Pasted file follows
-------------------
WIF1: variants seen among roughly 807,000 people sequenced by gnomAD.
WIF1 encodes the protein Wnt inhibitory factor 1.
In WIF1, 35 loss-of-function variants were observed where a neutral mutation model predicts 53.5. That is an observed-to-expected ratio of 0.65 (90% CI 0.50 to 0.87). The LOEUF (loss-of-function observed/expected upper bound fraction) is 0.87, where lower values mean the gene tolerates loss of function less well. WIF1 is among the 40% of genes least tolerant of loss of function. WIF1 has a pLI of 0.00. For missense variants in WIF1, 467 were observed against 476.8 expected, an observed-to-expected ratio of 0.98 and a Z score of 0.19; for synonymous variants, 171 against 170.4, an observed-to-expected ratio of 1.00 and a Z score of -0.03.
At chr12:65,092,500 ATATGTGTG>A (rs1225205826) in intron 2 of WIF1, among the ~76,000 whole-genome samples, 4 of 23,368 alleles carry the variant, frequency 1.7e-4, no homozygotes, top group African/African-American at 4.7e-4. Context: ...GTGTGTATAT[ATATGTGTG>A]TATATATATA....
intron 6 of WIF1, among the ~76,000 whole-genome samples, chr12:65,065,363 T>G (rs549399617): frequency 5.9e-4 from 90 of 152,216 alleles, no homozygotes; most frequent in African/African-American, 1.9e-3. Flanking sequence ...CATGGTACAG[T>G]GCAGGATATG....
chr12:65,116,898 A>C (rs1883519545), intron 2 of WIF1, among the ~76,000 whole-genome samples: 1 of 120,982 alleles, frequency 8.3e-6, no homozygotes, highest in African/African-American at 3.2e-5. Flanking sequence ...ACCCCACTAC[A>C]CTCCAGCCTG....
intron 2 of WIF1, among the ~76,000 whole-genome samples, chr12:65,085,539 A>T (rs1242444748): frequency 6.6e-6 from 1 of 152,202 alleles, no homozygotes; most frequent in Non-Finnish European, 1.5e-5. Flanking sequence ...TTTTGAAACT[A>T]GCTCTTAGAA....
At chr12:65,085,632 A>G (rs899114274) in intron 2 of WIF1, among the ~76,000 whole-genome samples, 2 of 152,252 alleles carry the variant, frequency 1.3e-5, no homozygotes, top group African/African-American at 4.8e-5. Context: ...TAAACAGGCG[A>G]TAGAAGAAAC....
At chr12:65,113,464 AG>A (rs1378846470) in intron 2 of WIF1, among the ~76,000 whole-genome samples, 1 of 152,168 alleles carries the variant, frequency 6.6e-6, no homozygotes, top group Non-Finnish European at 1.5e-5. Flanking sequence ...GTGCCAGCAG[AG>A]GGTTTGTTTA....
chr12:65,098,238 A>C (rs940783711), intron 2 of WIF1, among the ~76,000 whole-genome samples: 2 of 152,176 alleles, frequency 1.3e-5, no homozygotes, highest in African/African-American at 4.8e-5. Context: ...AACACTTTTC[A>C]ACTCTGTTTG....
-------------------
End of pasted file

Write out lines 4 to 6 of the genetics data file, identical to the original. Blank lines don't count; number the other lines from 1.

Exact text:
At chr12:65,092,500 ATATGTGTG>A (rs1225205826) in intron 2 of WIF1, among the ~76,000 whole-genome samples, 4 of 23,368 alleles carry the variant, frequency 1.7e-4, no homozygotes, top group African/African-American at 4.7e-4. Context: ...GTGTGTATAT[ATATGTGTG>A]TATATATATA....
intron 6 of WIF1, among the ~76,000 whole-genome samples, chr12:65,065,363 T>G (rs549399617): frequency 5.9e-4 from 90 of 152,216 alleles, no homozygotes; most frequent in African/African-American, 1.9e-3. Flanking sequence ...CATGGTACAG[T>G]GCAGGATATG....
chr12:65,116,898 A>C (rs1883519545), intron 2 of WIF1, among the ~76,000 whole-genome samples: 1 of 120,982 alleles, frequency 8.3e-6, no homozygotes, highest in African/African-American at 3.2e-5. Flanking sequence ...ACCCCACTAC[A>C]CTCCAGCCTG....